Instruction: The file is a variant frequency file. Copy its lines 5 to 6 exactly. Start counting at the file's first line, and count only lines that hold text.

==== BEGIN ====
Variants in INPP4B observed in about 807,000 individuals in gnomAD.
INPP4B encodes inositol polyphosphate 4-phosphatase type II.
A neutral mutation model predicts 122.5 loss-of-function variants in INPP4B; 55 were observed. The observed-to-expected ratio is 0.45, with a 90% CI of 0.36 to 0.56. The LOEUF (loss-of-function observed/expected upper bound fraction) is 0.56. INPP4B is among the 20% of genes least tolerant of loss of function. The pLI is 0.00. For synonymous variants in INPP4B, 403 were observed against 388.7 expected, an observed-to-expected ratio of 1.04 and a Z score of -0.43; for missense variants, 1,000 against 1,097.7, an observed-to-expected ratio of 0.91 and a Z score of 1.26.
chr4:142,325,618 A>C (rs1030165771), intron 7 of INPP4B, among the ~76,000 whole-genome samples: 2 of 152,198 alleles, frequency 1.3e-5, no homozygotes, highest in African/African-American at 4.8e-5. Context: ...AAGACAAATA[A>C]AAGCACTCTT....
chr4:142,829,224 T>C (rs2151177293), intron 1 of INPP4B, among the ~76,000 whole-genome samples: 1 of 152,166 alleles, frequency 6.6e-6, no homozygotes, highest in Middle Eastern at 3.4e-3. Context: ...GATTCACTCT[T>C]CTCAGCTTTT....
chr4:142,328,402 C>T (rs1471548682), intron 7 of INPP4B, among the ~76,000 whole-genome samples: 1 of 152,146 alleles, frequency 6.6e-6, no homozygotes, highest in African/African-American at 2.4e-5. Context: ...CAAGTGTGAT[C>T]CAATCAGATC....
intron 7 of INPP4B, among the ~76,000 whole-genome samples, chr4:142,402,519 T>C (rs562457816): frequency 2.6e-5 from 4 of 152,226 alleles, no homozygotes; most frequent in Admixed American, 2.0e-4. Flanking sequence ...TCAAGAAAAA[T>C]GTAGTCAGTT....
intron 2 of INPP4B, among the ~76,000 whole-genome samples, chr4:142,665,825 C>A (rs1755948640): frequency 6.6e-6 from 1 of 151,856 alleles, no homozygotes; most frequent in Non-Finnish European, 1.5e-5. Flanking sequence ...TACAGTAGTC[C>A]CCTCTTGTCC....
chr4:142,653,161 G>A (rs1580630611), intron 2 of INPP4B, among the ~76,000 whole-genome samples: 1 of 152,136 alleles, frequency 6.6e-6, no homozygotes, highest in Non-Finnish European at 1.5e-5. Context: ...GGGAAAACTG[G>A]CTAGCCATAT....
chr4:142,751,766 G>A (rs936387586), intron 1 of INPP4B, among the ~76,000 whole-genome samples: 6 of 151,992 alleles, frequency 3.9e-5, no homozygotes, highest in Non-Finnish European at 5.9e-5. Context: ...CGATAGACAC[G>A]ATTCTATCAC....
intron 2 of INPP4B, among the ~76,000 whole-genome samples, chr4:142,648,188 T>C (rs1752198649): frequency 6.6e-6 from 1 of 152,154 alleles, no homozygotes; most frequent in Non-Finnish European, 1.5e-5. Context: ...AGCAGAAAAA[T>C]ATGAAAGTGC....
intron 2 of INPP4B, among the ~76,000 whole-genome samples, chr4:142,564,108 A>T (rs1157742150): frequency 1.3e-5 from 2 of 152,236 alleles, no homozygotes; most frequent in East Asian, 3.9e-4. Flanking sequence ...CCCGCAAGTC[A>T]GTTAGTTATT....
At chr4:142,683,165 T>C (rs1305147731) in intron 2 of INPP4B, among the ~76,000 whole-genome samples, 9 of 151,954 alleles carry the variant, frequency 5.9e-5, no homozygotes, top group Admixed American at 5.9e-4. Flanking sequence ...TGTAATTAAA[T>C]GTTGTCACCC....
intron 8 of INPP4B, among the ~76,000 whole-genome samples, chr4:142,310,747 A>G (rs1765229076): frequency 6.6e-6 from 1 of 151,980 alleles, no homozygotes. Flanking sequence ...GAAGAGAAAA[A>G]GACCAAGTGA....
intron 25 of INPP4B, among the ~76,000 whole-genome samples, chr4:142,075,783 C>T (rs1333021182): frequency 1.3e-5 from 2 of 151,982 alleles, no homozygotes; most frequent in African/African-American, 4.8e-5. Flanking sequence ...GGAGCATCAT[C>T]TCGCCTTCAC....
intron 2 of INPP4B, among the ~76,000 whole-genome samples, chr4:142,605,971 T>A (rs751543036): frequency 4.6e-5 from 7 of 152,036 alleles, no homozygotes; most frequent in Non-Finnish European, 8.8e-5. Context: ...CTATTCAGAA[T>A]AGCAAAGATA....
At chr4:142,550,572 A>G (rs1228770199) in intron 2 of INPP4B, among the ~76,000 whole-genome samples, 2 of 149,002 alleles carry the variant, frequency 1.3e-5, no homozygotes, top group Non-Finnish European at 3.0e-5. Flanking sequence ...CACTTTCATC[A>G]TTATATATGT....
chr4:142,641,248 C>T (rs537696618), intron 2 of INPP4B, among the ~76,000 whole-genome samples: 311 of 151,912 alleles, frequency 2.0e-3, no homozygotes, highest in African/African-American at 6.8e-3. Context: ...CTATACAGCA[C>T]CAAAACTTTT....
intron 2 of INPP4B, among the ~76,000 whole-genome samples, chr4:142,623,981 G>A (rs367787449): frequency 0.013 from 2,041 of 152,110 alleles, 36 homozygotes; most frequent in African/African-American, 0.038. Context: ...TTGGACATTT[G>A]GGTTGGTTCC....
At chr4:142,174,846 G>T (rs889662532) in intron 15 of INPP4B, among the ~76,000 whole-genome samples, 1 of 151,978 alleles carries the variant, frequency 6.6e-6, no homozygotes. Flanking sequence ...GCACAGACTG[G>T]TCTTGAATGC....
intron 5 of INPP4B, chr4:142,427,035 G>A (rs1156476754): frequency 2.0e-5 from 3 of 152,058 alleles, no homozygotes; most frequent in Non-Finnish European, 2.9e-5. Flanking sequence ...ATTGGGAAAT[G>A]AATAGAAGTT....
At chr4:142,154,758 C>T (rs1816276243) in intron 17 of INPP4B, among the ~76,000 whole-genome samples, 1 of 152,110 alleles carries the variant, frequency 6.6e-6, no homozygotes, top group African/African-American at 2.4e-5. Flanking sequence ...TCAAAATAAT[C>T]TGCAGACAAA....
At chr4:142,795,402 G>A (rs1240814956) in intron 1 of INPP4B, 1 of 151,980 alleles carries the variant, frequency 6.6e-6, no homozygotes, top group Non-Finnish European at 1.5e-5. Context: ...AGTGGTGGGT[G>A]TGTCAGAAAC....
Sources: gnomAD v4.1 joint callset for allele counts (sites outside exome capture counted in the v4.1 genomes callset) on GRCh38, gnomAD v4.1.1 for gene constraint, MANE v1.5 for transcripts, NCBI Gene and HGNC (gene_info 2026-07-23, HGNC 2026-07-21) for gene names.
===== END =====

chr4:142,829,224 T>C (rs2151177293), intron 1 of INPP4B, among the ~76,000 whole-genome samples: 1 of 152,166 alleles, frequency 6.6e-6, no homozygotes, highest in Middle Eastern at 3.4e-3. Context: ...GATTCACTCT[T>C]CTCAGCTTTT....
chr4:142,328,402 C>T (rs1471548682), intron 7 of INPP4B, among the ~76,000 whole-genome samples: 1 of 152,146 alleles, frequency 6.6e-6, no homozygotes, highest in African/African-American at 2.4e-5. Context: ...CAAGTGTGAT[C>T]CAATCAGATC....